Emissions spew out of a large stack at the coal-fired Morgantown Generating Station on the Potomac River in Newburg, Md. Maryland is pushing back against proposals to scale back a cap on emissions from plants in the Northeast. (Photo by Mark Wilson/Getty Images)

Maryland and eight other states that have a regional compact to reduce greenhouse gas emissions have agreed to deeper cuts to carbon emissions over the next decade.

The states participating in the Regional Greenhouse Gas Initiative are pledging to cut emissions from power plants by at least 30 percent between 2020 and 2030. That’s slightly higher than the current agreement to reduce emissions by 2.5 percent annually.

A separate provision would allow for even deeper pollution cuts, if they wouldn’t be too costly to states.

The plan — announced Wednesday — is not yet final, and a meeting is set in Baltimore on Sept. 25 to solicit comment from power companies and others affected by the decision.

Environmentalists and the state of Massachusetts had sought even greater cuts in pollution, pushing for reducing carbon emissions 5 percent a year. But Maryland balkedand threatened to pull out of the pact, saying it would lead to higher energy costs for consumers who are on the same energy grid as coal-heavy states that haven’t signed on to the initiative.

Katie Dykes, a Connecticut regulator who chairs the initiative, said in a statement that the compromise agreement will “secure significant carbon reductions at a reasonable price on into the next decade.”

In addition to Maryland, Massachusetts and Connecticut, the pact includes Delaware, Maine, New Hampshire, New York, Rhode Island and Vermont. New Jersey pulled out of the group in 2011.

“This a strong and environmentally protective approach, it embraces the art of the possible,” Maryland Secretary of the Environment Ben Grumbles said in an interview. “This is a primary example of real progress on climate change.”

The regional initiative, which started in 2009, is a state-driven cap-and-trade system to reduce gas emissions, which contribute to global warming by trapping heat in the atmosphere.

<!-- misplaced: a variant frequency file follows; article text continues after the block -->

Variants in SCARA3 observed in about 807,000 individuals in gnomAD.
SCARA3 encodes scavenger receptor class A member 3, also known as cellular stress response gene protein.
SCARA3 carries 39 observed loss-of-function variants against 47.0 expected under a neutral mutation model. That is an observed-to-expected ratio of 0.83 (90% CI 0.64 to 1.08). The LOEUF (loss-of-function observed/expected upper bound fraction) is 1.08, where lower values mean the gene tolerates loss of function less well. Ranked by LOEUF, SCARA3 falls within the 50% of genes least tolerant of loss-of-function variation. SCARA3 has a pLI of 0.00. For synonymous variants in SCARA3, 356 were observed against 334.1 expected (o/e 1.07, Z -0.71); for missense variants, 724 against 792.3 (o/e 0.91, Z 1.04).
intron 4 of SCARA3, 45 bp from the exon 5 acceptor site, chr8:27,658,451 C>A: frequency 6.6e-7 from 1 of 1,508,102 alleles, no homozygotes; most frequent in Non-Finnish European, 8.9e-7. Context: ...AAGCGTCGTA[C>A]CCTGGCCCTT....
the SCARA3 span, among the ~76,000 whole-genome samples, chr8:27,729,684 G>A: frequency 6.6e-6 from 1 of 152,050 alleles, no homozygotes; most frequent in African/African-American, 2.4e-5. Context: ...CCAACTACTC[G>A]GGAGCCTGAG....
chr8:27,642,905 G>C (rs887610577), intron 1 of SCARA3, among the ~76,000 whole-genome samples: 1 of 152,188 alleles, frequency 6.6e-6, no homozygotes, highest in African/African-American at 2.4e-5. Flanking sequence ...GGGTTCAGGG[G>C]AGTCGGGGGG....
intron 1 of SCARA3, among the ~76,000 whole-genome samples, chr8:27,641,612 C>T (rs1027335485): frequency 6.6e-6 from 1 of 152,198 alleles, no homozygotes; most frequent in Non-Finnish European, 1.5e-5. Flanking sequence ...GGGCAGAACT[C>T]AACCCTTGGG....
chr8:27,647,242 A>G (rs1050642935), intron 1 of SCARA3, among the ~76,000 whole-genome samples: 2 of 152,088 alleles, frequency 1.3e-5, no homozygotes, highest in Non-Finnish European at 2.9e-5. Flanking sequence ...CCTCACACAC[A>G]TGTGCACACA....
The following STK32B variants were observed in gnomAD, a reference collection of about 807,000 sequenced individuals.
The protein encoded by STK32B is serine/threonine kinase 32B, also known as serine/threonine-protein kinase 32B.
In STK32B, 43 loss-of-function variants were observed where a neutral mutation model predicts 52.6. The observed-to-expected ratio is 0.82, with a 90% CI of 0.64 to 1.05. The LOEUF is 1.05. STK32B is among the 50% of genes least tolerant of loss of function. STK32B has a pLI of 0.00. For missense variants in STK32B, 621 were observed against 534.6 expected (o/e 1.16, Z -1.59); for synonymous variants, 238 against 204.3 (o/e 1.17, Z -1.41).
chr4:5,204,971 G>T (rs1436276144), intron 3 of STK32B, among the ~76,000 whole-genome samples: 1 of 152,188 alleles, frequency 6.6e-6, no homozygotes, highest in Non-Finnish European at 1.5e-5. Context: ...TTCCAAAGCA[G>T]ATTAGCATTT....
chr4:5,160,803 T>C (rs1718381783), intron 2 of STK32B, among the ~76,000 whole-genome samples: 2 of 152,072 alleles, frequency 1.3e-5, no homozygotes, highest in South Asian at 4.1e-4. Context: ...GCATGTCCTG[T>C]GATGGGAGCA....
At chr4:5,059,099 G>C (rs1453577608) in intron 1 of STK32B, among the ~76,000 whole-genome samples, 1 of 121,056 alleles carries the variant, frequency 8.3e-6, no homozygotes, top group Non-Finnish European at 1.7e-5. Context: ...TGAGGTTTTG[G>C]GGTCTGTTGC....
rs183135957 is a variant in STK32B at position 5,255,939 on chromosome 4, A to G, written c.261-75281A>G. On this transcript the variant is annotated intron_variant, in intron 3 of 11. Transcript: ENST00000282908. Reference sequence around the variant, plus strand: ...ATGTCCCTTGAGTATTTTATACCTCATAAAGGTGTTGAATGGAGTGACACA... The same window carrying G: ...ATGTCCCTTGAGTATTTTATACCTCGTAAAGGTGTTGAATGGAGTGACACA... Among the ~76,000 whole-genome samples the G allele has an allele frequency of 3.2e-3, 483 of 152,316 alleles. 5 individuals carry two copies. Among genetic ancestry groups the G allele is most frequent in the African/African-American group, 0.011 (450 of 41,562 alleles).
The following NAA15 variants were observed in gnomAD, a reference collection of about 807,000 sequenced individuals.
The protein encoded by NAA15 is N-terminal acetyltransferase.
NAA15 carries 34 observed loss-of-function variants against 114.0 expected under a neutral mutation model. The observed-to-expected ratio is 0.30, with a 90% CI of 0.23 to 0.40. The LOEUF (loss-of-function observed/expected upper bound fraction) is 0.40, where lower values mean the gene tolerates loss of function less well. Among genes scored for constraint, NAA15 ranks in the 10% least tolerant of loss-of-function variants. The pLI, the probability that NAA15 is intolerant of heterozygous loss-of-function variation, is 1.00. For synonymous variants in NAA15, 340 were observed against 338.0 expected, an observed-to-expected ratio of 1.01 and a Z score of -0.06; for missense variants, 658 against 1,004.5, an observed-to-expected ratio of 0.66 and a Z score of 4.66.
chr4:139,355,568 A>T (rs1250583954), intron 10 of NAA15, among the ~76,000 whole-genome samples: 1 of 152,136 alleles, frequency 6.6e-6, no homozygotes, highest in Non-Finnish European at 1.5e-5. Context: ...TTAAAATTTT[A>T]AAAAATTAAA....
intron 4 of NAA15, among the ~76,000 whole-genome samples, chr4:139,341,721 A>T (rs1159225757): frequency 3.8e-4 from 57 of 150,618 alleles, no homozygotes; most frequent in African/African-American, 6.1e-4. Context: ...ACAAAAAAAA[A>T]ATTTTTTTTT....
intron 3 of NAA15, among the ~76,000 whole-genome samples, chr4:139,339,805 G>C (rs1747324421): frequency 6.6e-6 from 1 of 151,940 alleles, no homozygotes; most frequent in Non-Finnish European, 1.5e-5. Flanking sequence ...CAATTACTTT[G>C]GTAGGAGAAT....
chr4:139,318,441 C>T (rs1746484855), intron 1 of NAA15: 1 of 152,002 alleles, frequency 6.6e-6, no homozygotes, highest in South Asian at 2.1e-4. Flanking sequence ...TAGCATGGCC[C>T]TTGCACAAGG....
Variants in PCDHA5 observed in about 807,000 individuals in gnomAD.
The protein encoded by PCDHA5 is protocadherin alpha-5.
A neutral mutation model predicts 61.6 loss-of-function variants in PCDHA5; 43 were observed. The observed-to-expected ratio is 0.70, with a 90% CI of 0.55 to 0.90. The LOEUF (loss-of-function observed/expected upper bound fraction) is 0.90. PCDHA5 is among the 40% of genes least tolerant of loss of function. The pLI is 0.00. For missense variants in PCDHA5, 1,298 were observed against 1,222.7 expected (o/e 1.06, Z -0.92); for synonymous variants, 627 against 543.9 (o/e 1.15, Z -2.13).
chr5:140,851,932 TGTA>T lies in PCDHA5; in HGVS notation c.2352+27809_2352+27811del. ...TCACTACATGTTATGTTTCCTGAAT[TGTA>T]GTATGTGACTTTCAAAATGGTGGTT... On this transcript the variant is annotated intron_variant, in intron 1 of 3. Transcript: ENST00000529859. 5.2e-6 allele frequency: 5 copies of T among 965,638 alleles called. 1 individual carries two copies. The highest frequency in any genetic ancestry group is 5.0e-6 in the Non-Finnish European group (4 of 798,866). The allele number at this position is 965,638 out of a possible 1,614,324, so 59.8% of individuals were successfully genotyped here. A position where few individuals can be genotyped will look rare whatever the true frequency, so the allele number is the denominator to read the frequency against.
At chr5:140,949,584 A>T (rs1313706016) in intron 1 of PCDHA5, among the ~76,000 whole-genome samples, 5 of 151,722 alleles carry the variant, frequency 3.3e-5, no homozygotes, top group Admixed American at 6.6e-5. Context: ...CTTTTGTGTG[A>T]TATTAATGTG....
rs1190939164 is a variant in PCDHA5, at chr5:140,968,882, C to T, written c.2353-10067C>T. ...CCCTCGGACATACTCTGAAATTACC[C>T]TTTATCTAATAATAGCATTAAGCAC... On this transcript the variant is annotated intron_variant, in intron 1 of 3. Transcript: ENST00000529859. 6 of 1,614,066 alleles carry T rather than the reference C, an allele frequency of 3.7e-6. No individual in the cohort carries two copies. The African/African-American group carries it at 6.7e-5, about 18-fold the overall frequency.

Participating states agree to limit pollution from power plants, and to allow energy producers to bid against each other in auctions for the right to emit carbon. The initiative has raised $2.7 billion from these auctions, money that is being used to fund clean-energy programs.

Environmentalists say such state efforts are especially important since President Trump ’s decision to pull the nation from the global Paris climate pact.

“With the current disastrous policies and rhetoric of the Trump administration, we’re pleased to see these states step up, listen to their constituents, and come together to increase clean energy in the region,” Mark Kresowik of the Sierra Club’s Beyond Coal Campaign said in a statement.

Other advocates praised Maryland Gov. Larry Hogan’s administration for its handling of the regional pact. Hogan (R) has also won praise from environmentalists for supporting a ban on fracking. But he faced some criticism for rolling back regulations meant to reduce pollution in the Chesapeake Bay.

“In this current national political environment, it’s more important than ever for Governor Hogan to take the lead and stand strong with the other states in RGGI,” Karla Raettig, executive director of Maryland League of Conservation Voters, said in a statement.